Recently, in The New Republic, Jeet Heer’s sanctimonious critique of Jordan Peterson led him to one of Peterson’s sources, Carl Jung. Heer is doubtless unaware that, in his dismissive misrepresentation of Jung and his work, he had joined a shameful tradition started by Freud. “So we are rid of them at last,” wrote Freud to his colleague in July 1914, “the brutal holy Jung and his pious parrots.”1 The ignoble tradition of Jung-bashing has had a steady following by lazy minds ever since, most recently evidenced in Jeet Heer’s article, Jordan Peterson’s Tired Old Myths. What was the reason for Freud’s hostility? Jung, previously Freud’s designated “crown prince,” had strayed from Freudian doctrine. Jung’s interest in mythology and religion led him to posit as primary a universal drive for meaning and personal development he called individuation. Freud exhorted him not to abandon Freud’s “scientific” theory that the sexual drive is the basis for human motivation. When Freud asked Jung to make a “dogma and an unshakable bulwark” of the sexual theory, Jung became alarmed, as …

Behind the Mask: Inside the Black Bloc

One year ago, the City of Roses—Portland, Ore.—was rattled to its core with the shocking murder of two bystanders who intervened in an ugly confrontation on one of its MAX commuter trains. Jeremy Christian will soon stand trial accused of killing two men and almost a third after they objected to his alleged verbal attack on two  female passengers on the train. A Vancouver, Wash.-based conservative free speech group named Patriot Prayer has been labeled guilty by association in the court of public opinion due to Christian’s presence at one of the group’s publicly held rallies in April 2017. Also one year ago, shortly after the stabbings, Patriot Prayer staged a protest in Chapman Square in the heart of the city that attracted both mainstream conservatives and alt-right sympathizers. The rally was met with confrontational antifa counter-protest in an event now legendary among Portlanders for its brazen standoff against police moderation. Portland has long stood as a hotbed of political activism and, more recently, anti-fascist resistance. As one-year memorials for the victims of the MAX …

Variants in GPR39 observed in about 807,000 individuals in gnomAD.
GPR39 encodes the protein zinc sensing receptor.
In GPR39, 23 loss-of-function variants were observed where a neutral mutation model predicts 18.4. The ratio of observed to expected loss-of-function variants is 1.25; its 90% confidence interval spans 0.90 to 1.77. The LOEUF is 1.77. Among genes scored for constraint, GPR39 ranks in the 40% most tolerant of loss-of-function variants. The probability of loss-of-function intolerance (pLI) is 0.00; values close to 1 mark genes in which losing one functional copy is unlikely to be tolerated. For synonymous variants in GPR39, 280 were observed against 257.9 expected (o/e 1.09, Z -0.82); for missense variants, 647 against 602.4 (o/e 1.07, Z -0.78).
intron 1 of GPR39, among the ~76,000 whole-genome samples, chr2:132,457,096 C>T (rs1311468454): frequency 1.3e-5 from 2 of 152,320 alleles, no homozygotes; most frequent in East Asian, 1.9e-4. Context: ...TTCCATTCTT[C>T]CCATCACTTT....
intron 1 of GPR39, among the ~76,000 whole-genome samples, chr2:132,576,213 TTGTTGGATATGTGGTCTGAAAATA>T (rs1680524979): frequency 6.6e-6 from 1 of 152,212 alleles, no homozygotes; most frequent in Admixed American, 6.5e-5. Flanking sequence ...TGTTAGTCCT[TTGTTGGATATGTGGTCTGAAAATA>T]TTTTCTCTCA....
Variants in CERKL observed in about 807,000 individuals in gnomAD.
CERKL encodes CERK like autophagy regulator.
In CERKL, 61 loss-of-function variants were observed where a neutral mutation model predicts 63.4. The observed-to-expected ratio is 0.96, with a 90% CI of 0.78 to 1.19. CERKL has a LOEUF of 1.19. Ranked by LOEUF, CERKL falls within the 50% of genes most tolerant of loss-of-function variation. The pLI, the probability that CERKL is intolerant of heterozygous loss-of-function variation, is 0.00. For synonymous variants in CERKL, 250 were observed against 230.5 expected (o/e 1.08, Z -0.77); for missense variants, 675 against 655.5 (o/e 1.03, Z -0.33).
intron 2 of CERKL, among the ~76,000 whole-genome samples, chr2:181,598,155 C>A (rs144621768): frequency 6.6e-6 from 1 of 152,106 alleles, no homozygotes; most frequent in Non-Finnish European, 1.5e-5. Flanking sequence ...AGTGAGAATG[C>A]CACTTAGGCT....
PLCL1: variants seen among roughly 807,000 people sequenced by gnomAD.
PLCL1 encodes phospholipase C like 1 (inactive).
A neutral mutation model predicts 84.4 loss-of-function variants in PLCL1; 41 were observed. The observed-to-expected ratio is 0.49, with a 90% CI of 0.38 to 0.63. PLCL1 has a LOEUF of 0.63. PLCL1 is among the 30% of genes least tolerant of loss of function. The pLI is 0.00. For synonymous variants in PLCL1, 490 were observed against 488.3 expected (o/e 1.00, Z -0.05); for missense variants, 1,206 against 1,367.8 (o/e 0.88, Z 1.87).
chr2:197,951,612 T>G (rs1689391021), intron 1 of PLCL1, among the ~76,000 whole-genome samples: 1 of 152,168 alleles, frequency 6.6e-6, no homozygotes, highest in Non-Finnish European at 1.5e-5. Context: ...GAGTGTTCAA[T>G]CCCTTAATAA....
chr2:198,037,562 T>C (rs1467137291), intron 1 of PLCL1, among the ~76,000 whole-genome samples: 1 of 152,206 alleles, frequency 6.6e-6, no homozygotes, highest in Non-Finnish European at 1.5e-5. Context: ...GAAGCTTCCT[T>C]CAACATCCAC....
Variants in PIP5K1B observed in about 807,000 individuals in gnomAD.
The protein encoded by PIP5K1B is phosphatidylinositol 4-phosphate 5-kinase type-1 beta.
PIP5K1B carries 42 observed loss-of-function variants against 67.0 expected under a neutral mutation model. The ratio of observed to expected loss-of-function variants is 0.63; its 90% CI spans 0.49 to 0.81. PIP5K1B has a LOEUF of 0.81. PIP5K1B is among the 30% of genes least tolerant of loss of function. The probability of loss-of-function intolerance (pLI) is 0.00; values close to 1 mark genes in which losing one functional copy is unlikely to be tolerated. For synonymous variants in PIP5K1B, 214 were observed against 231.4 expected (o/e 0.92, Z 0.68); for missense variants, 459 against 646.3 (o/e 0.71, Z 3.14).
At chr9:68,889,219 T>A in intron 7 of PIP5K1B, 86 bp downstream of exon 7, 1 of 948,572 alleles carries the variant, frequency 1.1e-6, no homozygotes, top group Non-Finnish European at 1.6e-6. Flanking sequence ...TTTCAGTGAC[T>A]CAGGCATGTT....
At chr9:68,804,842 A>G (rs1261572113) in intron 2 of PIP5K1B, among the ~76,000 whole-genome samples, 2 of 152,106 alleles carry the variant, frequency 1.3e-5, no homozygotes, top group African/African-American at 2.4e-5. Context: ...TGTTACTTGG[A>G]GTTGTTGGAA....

Silence Around Test Scores Serves the Privileged

Right-wing podcaster Stefan Molyneux recently advised his teenage fans that they should append their IQ scores to job applications. This idea was widely and deservedly ridiculed on Twitter. It’s a serious faux pas to include test scores of any kind — IQ especially, but also SAT or graduate admissions tests like LSAT, MCAT or GMAT — on a resume.  Including test scores will cause many employers to draw negative assumptions about an applicant, and thus reduce the applicant’s chances of being hired, regardless of how good the scores are. But why is there such a taboo against sharing scores, that including them on a resume would cause an employer to draw negative inferences about an applicant’s character? Why is it considered extreme and risible to suggest that a job candidate with a high IQ or a high SAT score should treat that as a qualification? And who benefits from this norm of keeping this data secret? Proxies for aptitude While it is bad advice for a job applicant to share test scores with an employer, nearly every …

A Different Kind of Privilege

If you live your life in and around higher education (including Christian higher education, as I do), then you see and hear a lot of discussion of the topic of white privilege. White privilege refers to the many things white people supposedly don’t have to think about (such as how they are perceived in a retail environment, how they interact with law enforcement officers, etc.), but which are bigger issues for African-Americans and perhaps other non-white persons. At the same time, there is a growing critique of the slice of Americans (a recent Atlantic essay characterized them as the 9.9 percent) who dominate American life as the winners of a meritocracy. Americans have typically been friendly to the idea of aristocracies of talent as opposed to aristocracies based on blood and family, but increasingly there are fears of a ‘cognitive elite’ that is becoming increasingly cohesive through geographic, educational, and marital clustering. The worry is that this group is driving economic stratification faster and further than old aristocracies ever could. Against this backdrop of ideas …